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3 Black Girls Cyberbullied at NASA Competition Just Won a $4,000 Science Grant

After advancing to the final round of a prestigious NASA competition, three black teen girls faced racist cyberbullying on the website 4chan last week when anonymous internet trolls conspired to swing the online vote against them. 

But yesterday, the teens were awarded an even greater honor than the top prize. 

On Thursday, the three young women — Mikayla Sharrieff, India Skinner, and Bria Snell — received a personal shoutout from Washington DC mayor Muriel Bowser and a $4,000 grant to continue working on their project, which removes lead from tap water, according to a press release from the mayor’s office.  

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“Through their brilliance and passion, Mikayla, India, and Bria are bringing our vision for [the competition] to life and making our city proud,” Bowser said in a statement. “Mikayla, India, and Bria are just the type of people and scientists our world needs more of and we are proud to support their dreams.”

The NASA competition, called the Optimus Prime Spinoff Promotion and Research Challenge, or OPSPARC, challenges students to adapt the tools that allow humans to fly in space (such as memory foam, invisible braces, and aircraft anti-icing systems) to solve problems in their own communities.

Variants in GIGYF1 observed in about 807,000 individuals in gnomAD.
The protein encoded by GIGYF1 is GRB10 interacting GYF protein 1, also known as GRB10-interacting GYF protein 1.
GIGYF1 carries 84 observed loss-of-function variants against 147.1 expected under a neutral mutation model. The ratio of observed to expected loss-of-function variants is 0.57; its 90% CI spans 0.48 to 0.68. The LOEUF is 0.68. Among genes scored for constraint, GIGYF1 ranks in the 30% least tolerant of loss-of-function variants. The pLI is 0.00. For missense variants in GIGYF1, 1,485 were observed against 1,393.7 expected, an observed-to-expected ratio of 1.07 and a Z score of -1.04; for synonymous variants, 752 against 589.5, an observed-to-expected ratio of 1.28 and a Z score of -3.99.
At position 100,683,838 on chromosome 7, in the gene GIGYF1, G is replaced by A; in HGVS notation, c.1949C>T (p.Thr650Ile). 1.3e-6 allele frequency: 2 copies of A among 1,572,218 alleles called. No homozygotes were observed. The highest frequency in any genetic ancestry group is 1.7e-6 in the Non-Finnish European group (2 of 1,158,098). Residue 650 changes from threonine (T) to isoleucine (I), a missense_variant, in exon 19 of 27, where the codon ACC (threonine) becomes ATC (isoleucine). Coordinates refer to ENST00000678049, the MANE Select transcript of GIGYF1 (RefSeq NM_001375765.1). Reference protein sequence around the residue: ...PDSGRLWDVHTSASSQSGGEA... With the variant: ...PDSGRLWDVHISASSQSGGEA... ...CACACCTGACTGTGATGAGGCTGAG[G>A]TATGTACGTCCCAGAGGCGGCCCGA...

Sharrieff, Skinner, and Snell made up the only all-black or all-female group across the competition, Fox News reports

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The three girls, all 17 years old, were part of a program called In3, a DC-based tech incubator that aims to increase minority representation in STEM (science, technology, engineering, and math) fields. 

According to TIME Magazine, the group called themselves “Hidden figures in the making.” 

“In the STEM field, we are underrepresented,” Sharrieff, one of the girls, told the Washington Post. “It’s important to be role models for a younger generation who want to be in the STEM field but don’t think they can.”

Read More: The Gender Gap in STEM Classes is Finally Closing, Study Finds

According to the National Girls Collaborative Project, women made up less than 30% of the STEM workforce in 2016 and minorities just 11% — despite making up around 30% of the US population. 

But movies like Hidden Figures, which illustrated the indelible mark three black women left on NASA’s moon launch in the 1960s, and programs like In3 are trying to bridge these divides. 

Despite backlash against them, the next generation of ‘hidden figures’ still have a shot at winning NASA’s big prize. According to the OPSPARC website, the winner of the competition will be announced in May.